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Seagulls have been ransacking overflowing bins in Soroba again and leaving rubbish strewn across pavements.
Residents have been voicing their concerns about overflowing rubbish in Soroba’s communal bins since three-weekly collections were introduced.
Last year, Argyll Community Housing Association (ACHA) and Argyll and Bute Council teamed up to provide 12 extra bins for the area. However, even that does not seem to be helping.
After being contacted by residents, Soroba Community Centre went out to investigate the mess first hand.
The centre posted online: ‘We were appalled to have a walk round our scheme this evening and see the vast amount of rubbish strewn all over the area.
‘Seagulls were having a field day ripping open bags of rubbish left on the pavement and filling our pavements and roads with unsanitary waste.
‘Our recycling was uplifted this morning, but we found many bins filled with recyclable material – plastic bottles, tins, cardboard, milk cartons, glass bottles etc.
‘There are bins in places they should not be, not enough bins in certain areas, too many recycling bins in other areas that are being misused with household waste and therefore not emptied, mattresses left on pavements, and carpet ends in communal bins that should be disposed of by the owner.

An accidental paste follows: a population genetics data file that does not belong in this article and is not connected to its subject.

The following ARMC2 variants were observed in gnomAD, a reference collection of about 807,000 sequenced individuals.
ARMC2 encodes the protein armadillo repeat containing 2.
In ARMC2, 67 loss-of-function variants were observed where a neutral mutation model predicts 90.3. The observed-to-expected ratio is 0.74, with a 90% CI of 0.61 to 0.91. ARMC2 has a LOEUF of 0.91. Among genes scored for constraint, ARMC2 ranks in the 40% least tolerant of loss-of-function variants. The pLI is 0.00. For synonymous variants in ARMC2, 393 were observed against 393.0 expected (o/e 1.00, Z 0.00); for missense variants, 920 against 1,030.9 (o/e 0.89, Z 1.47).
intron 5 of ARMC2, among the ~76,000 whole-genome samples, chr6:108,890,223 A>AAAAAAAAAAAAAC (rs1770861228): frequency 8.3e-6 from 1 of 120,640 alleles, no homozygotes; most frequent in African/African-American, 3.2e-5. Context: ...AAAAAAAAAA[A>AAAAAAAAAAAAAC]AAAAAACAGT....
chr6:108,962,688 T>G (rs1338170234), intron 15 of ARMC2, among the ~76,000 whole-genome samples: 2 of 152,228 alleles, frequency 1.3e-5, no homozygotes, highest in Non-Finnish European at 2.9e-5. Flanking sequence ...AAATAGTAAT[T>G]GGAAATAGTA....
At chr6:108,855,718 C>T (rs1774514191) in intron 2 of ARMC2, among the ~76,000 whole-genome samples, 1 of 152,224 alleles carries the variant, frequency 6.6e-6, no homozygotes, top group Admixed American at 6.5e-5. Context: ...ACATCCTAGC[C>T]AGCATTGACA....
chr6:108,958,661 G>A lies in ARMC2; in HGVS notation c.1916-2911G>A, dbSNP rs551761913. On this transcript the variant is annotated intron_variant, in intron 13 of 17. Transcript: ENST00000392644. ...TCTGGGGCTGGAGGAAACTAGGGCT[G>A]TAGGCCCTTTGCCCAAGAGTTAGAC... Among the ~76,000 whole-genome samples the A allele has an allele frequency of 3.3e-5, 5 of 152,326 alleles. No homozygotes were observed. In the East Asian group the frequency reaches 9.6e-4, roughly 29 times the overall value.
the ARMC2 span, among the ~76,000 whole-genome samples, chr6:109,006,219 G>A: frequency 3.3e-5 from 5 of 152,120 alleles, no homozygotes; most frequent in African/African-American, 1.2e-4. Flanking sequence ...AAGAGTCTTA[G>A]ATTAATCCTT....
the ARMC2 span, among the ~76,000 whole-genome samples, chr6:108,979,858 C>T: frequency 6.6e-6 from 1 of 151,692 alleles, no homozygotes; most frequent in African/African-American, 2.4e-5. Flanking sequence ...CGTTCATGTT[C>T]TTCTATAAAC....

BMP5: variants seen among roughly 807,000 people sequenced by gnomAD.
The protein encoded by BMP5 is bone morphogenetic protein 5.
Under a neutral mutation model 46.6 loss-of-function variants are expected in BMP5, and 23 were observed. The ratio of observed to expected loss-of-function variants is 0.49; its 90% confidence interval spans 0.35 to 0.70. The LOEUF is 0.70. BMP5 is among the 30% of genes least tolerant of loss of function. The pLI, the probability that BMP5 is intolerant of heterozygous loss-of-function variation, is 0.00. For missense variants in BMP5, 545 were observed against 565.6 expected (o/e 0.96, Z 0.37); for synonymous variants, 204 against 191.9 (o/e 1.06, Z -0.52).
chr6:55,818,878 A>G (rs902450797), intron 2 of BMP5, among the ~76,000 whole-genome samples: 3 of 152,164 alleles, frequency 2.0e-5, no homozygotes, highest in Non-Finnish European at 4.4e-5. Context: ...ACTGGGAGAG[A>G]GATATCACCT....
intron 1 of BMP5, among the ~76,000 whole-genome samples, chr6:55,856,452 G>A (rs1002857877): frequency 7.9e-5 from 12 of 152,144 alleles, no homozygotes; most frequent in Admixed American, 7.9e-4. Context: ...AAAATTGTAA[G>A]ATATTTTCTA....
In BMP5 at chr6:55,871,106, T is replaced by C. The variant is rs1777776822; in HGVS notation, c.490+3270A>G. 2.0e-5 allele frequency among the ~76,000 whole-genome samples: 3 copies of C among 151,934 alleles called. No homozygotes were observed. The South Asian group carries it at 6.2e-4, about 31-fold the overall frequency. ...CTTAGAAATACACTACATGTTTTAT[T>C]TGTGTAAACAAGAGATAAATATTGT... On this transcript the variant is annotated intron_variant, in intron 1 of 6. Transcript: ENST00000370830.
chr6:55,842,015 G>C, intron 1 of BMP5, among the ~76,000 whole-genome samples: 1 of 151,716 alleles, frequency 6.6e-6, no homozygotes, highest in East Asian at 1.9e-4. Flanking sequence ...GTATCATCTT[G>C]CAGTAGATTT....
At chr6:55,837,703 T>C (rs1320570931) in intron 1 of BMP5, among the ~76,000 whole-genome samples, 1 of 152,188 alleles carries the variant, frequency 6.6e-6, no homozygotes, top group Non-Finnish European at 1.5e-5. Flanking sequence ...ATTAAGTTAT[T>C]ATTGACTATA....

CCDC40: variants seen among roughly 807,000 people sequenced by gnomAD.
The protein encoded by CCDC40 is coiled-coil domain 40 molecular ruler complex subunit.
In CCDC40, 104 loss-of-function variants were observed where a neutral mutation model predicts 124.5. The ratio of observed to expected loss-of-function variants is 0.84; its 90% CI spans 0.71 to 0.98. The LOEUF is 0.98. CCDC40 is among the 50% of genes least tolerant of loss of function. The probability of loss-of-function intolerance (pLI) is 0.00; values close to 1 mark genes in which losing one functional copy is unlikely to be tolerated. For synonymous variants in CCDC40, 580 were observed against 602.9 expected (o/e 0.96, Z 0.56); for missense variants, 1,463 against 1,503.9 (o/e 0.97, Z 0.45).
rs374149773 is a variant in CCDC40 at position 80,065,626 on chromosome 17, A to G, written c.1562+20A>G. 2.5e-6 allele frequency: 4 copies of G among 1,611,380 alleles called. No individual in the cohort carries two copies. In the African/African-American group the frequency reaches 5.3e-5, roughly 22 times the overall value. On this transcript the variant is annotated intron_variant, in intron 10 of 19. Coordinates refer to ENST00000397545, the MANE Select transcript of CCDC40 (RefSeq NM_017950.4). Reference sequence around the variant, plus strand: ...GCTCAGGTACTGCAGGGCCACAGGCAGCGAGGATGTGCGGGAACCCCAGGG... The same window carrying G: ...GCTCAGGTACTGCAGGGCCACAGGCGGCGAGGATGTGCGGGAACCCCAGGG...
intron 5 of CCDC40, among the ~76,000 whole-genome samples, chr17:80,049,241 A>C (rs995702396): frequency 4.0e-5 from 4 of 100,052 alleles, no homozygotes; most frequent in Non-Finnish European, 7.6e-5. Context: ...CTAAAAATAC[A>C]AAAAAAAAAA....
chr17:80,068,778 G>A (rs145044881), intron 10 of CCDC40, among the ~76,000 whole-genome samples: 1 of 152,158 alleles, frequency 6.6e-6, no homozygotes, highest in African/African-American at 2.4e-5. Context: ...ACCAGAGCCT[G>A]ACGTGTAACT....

‘The council have to be approached on how to rectify this awful situation, but residents have also to take responsibility for using the bins appropriately.’
After being shown photographs of the mess, an Argyll and Bute spokesperson said: ‘Much of the waste visible in the photo provided is recyclable.
‘We have increased the number of recycling and general waste bins in Soroba. If people were to make full use of what is available, and support our recycling efforts, as so many of our residents do, there would be enough capacity.
‘Our teams work hard to keep our communities free of waste but everyone needs to play a part.
‘Like all councils, we have had to change the way we do things because of financial challenges. We need to cut the amount of waste that goes to landfill because it costs over £70 in tax for every tonne. We also have Scottish Government targets to meet for our recycling rates.’